For the first time, astronomers using data from the Keck II telescope have detected the presence of an infrared aurora on the planet Uranus. The discovery could shed light on some of the unknown properties of the magnetic fields of our solar system’s planets. It could also help explain why a planet so far from the sun is hotter than it should be. The findings are described in a study published on October 23 in the journal Nature Astronomy

[Related: Uranus got its name from a very serious authority.]

The NIRSPEC instrument (Near InfraRed SPECtrograph) at the Keck Observatory in Hawaii  was used to collect 6 hours of observations of Uranus in 2006. The study’s authors carefully studied 224 images to find signs of a specific particle–ionized triatomic hydrogen or H3+. They found evidence of H3+ in the data after collisions with charged particles. The emission created an infrared auroral glow over Uranus’ northern magnetic pole. The image itself is an artist’s rendition of the infrared aurora, superimposed on a Hubble Space Telescope image of Uranus.

Uranian auroras vs. Earth auroras

Auroras on the planet Uranus are caused when charged particles from the sun interact with the planet’s magnetic field the same way they do on Earth. The particles are funneled along magnetic field lines toward the magnetic poles. When they enter the Uranian atmosphere, the charged particles bump into atmospheric molecules. This causes the molecules to glow. 

The dominant gasses in Uranus’ atmosphere are hydrogen and helium and they are at much lower temperatures than on Earth. The presence of these gasses at these temperatures cause Uranus’ auroras to predominantly glow at ultraviolet and infrared wavelengths. By comparison, auroras on Earth come from oxygen and nitrogen atoms colliding with the charged particles and the colors are mostly blue, green, and red and can generally be seen with the human eye at the right latitudes. 

Uranus and Neptune are unusual planets in our solar system because their magnetic fields are misaligned with the axes in which they spin. Astronomers haven’t found an explanation for this, but clues could lie in Uranus’s aurora. 

Measuring the infrared

In the study, a team of astronomers used the first measurements of the infrared aurora at Uranus since investigations into the planet began in 1992. The ultraviolet aurorae of Uranus was first observed 1986, but the infrared aurora has not been observed until now, according to the team. 

By analyzing specific wavelengths of light emitted from the planet. With this data, they can analyze the light called emission lines from these planets, which is similar to a barcode. In the infrared spectrum, the lines emitted by the H3+ particles will have different levels of brightness depending on how hot or cold the particle is and how dense this layer of the atmosphere is. The lines then act like a thermometer taking the planet’s temperature.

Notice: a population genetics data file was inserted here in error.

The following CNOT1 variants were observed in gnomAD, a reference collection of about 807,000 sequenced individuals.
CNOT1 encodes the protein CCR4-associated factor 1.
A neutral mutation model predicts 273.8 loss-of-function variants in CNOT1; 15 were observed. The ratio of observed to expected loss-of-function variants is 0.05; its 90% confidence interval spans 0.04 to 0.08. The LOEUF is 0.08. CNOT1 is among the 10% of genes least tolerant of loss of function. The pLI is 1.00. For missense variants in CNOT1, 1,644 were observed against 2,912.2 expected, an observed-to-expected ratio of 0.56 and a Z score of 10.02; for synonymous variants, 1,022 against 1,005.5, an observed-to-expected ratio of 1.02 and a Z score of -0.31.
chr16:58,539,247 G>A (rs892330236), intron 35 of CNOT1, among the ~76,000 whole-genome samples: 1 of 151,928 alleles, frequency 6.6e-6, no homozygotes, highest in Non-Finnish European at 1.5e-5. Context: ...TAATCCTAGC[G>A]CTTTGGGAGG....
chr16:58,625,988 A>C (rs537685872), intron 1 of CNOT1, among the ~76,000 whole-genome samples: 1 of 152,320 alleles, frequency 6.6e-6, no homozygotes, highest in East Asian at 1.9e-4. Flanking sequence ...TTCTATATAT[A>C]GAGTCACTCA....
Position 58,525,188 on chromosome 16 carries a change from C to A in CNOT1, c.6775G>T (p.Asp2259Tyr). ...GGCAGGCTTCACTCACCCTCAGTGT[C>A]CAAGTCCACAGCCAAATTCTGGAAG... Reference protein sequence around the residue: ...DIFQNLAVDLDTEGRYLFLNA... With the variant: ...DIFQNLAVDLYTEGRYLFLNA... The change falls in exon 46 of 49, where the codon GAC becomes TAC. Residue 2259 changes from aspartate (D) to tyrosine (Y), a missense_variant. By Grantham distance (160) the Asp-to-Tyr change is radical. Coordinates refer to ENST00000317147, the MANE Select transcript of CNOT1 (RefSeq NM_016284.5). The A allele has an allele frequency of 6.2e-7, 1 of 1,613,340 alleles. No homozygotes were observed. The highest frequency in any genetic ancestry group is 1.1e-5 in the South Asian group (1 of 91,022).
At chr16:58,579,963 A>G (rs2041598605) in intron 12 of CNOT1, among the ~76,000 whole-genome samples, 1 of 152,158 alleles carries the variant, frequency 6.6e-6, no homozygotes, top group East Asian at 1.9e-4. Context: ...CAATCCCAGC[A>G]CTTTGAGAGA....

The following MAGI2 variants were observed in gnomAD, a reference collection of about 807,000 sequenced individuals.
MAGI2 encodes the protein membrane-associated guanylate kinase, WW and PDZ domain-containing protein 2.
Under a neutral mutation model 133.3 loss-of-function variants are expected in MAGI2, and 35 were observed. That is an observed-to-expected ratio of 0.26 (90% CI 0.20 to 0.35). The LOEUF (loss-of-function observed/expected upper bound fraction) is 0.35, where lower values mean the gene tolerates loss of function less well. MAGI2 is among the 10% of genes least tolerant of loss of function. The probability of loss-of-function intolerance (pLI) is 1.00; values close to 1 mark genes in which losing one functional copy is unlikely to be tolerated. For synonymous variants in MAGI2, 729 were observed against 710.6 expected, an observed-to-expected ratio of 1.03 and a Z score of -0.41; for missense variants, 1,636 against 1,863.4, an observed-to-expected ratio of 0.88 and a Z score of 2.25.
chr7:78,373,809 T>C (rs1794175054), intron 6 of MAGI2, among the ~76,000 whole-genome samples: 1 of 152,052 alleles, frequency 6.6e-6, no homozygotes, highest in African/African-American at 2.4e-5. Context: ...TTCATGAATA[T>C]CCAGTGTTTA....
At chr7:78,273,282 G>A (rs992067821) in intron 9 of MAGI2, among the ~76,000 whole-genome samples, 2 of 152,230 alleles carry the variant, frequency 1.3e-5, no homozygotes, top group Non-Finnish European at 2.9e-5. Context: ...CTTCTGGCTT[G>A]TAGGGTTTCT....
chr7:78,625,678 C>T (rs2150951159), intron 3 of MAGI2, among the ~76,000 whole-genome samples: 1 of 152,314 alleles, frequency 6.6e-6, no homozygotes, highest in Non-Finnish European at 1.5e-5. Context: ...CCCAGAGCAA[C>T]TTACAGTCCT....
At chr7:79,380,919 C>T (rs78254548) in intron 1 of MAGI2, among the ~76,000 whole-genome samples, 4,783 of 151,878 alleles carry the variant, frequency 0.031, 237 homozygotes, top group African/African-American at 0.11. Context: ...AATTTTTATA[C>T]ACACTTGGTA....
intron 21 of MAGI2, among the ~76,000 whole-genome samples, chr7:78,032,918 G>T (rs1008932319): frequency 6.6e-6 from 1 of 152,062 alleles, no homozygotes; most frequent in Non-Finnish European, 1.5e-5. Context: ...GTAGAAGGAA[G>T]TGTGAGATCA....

The astronomers found that there were distinct increases in H3+ density in Uranus’s atmosphere with little change in temperature. This is consistent with ionization that is caused by the presence of an infrared aurora. These measurements can help astronomers understand the magnetic fields on the other outer planets in the solar system. They could also scientists identify other planets that are suitable for supporting life.

[Related: Ice giant Uranus shows off its many rings in new JWST image.]

“The temperature of all the gas giant planets, including Uranus, are hundreds of degrees Kelvin/Celsius above what models predict if only warmed by the sun, leaving us with the big question of how these planets are so much hotter than expected? One theory suggests the energetic aurora is the cause of this, which generates and pushes heat from the aurora down towards the magnetic equator,” study co-author and University of Leicester PhD student Emma Thomas said in a statement

Clues to life on exoplanets

According to Thomas, most of the exoplanets astronomers have discovered are in the sub-Neptune category, so they are a similar size as Neptune and Uranus. Similar magnetic and atmospheric characteristics could also exist on these exoplanets. Uranus’s aurora directly connects to the planet’s magnetic field and atmosphere, so studying it can help astronomers make predictions about the atmospheres and magnetic fields and their suitability for supporting life.

These results may also provide insight into a rare phenomenon on Earth called geomagnetic reversal. This occurs when the north and south poles switch hemisphere locations. According to NASA, pole reversals are pretty common in Earth’s geologic history and the last one occurred roughly 780,000 years ago. Paleomagnetic records show that over the last 83 million years, Earth’s magnetic poles have reversed 183 times. They’ve also reversed at least several hundred times in the past 160 million years. The time intervals between these reversals have fluctuated, but average about 300,000 years.

“We don’t have many studies on this phenomena and hence do not know what effects this will have on systems that rely on Earth’s magnetic field such as satellites, communications and navigation,” said Thomas. “However, this process occurs every day at Uranus due to the unique misalignment of the rotational and magnetic axes. Continued study of Uranus’s aurora will provide data on what we can expect when Earth exhibits a future pole reversal and what that will mean for its magnetic field.”